Posts Tagged ‘chemicals’

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By: Kaley Beins

“In order to protect public health from chemical contamination, there needs to be a massive outcry–a choir of voices–by the American people demanding change.” When Lois Gibbs reflected on her 20 years of environmental health activism she wrote this call to action in the context of her activism in Love Canal, NY, the birthplace of EPA Superfund legislation. Now, almost 40 years after the legislation was passed, Americans still face the consequences of toxic exposures from waste sites, industrial pollution, and even consumer products. Movies like Erin Brockovich and Dark Waters dramatize industry contamination of communities, while news stories like the Flint water crisis demonstrate the prevalence of toxic exposures, especially for low income communities and communities of color. 

Yet, legislation to prevent such exposures often dies in committee or, worse, on the lips of the politicians espousing it. While we wait for updated and implemented toxics regulations, we can educate ourselves about environmental health and advocate for policies to prevent, or at least mitigate, toxic exposures. 

One of the trickier parts of being informed is understanding how researchers and government agencies define the exposure levels associated with human health effects. Some evaluations, such as IARC and EPA carcinogenicity classifications, are based on the amount of available data from animal and human studies. However, in my opinion, the most meaningful information on chemical exposures is based on exposure dose, or the amount of a chemical you are exposed to. Unfortunately, these values will vary between agencies, but by knowing how exposure limits are determined, you can better understand how protective (or permissive) environmental policies and guidelines are. 

The largest distinction between set exposure limits in the United States is whether or not they are legally enforceable. Legally enforceable limits are upheld by law and are usually determined by the U.S. EPA, Occupational Safety and Health Administration (OSHA), and state agencies. Non-regulatory agencies like the Centers for Disease Control and Prevention (CDC) and the National Institute for Occupational Safety and Health (NIOSH) publish research and guidelines on chemical exposure limits, but these limits are not legally enforceable. The following is a non-exhaustive list of some federal exposure limits and how they’re determined:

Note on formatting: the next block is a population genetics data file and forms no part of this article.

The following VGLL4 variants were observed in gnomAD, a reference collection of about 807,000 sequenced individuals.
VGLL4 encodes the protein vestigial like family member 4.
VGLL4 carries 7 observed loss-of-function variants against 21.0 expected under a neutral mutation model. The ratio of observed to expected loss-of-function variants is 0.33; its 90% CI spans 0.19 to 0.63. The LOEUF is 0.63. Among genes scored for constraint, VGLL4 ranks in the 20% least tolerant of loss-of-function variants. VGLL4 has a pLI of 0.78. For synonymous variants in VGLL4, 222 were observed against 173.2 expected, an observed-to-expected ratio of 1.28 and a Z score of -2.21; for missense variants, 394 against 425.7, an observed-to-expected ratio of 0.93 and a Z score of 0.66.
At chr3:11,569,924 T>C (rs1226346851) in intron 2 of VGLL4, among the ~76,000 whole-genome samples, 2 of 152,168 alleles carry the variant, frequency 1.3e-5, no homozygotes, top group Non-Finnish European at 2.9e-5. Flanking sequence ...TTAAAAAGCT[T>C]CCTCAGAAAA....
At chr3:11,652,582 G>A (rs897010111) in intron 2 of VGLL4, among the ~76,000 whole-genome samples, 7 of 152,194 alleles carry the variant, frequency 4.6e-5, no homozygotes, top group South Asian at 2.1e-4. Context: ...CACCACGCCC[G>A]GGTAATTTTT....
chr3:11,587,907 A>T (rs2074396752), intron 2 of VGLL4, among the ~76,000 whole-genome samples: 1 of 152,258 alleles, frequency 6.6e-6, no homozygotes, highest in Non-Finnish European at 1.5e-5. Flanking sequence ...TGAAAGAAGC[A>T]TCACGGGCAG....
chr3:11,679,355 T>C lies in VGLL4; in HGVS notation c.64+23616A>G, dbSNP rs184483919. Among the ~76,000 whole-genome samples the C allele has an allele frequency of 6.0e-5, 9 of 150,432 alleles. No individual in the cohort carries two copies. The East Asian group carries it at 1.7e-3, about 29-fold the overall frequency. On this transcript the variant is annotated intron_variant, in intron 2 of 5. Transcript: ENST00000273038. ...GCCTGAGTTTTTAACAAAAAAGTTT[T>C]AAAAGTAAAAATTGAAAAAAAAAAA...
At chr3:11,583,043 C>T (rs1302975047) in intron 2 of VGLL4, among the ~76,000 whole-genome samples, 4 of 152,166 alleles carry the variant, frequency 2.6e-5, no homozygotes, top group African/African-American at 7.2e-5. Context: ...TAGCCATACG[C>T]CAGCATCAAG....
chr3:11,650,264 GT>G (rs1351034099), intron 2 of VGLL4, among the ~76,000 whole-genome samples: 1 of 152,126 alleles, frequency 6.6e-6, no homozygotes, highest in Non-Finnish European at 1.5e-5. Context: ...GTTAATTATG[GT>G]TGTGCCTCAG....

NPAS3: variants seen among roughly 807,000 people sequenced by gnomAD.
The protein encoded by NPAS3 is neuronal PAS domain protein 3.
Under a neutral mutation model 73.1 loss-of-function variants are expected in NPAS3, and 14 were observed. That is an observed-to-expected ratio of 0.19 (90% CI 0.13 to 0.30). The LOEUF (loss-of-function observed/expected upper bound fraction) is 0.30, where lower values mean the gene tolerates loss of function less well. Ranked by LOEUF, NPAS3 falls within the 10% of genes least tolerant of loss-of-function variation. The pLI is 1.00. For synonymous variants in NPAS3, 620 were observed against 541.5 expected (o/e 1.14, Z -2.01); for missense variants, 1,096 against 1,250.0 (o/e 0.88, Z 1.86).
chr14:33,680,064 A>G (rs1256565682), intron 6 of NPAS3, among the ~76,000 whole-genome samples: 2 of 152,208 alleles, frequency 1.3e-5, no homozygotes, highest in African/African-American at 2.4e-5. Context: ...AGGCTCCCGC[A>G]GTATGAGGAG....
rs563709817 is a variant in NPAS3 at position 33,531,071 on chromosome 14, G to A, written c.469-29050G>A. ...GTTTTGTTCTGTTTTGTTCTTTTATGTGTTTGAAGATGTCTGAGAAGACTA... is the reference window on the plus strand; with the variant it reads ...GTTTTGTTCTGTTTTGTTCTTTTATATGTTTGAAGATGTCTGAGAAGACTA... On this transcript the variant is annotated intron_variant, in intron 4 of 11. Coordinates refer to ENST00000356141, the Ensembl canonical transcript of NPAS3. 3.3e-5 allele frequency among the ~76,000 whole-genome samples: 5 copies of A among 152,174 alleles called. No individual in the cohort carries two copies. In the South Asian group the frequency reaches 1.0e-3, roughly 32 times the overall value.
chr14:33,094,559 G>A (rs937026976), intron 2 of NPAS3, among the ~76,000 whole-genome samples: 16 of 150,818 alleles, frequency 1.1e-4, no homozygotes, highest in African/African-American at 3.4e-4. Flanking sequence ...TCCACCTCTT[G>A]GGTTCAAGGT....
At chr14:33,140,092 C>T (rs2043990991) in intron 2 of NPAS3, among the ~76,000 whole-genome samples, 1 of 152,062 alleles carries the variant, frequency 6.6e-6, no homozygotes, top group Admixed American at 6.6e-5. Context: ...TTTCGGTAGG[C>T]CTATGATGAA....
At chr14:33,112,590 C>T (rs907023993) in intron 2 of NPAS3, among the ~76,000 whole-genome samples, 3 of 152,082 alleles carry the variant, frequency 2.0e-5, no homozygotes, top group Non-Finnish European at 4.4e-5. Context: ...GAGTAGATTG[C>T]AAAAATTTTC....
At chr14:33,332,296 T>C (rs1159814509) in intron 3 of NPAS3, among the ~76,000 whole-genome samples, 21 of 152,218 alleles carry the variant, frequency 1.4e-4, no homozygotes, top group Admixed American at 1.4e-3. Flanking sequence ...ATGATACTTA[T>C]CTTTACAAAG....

Enforceable: 

  • EPA National Ambient Air Quality Standards (NAAQS) are measures of allowable air pollution for 6 criteria air pollutants as permitted under the Clean Air Act. 
  • EPA Maximum Contaminant Level (MCL) is the legal limit for chemicals in drinking water, as enforced by EPA. When determining MRLs, EPA considers the cost and technology required to remove contaminants in addition to the available health data.
  • OSHA Permissible Exposure Limits (PELs) are levels of exposure allowed for workers over the course of the work day. 

Not enforceable 

  • ATSDR Minimal Risk Levels (MRLs) are levels derived from toxicological studies in humans or animals. 
  • EPA Maximum Contaminant Level Goal (MCLG) is the limit for chemicals in drinking water below which no human health effects are expected to occur. Not to be confused with MCLs, MCLGs are determined only using health data. They may be slightly lower than MCLs. 
  • NIOSH Recommended Exposure Limits (RELs) are levels of exposure that NIOSH recommends workers do not meet or exceed during the work day. RELS are often used to help determine OSHA PELs.

The differences between these values can inform how you and your community use them. However, many chemicals may not have any exposure limits, either because they are not regulated or because insufficient health data exist. Nevertheless, information about chemical exposure levels and the risks associated with them is crucial in promoting environmental health. The following resources can help you stay informed about environmental health risks in your community:

As you engage with contamination issues in and outside your community, you can use these resources to arm yourself with information, then organize locally, collaborate nationally, engage politically, and stay involved. As Baltimore activist Destiny Watford said in an interview, “I realized it is important to question why people invested in something, why things are the way they are, and what can I do to change things in a way that isn’t superficial but gets to the root of the problem.”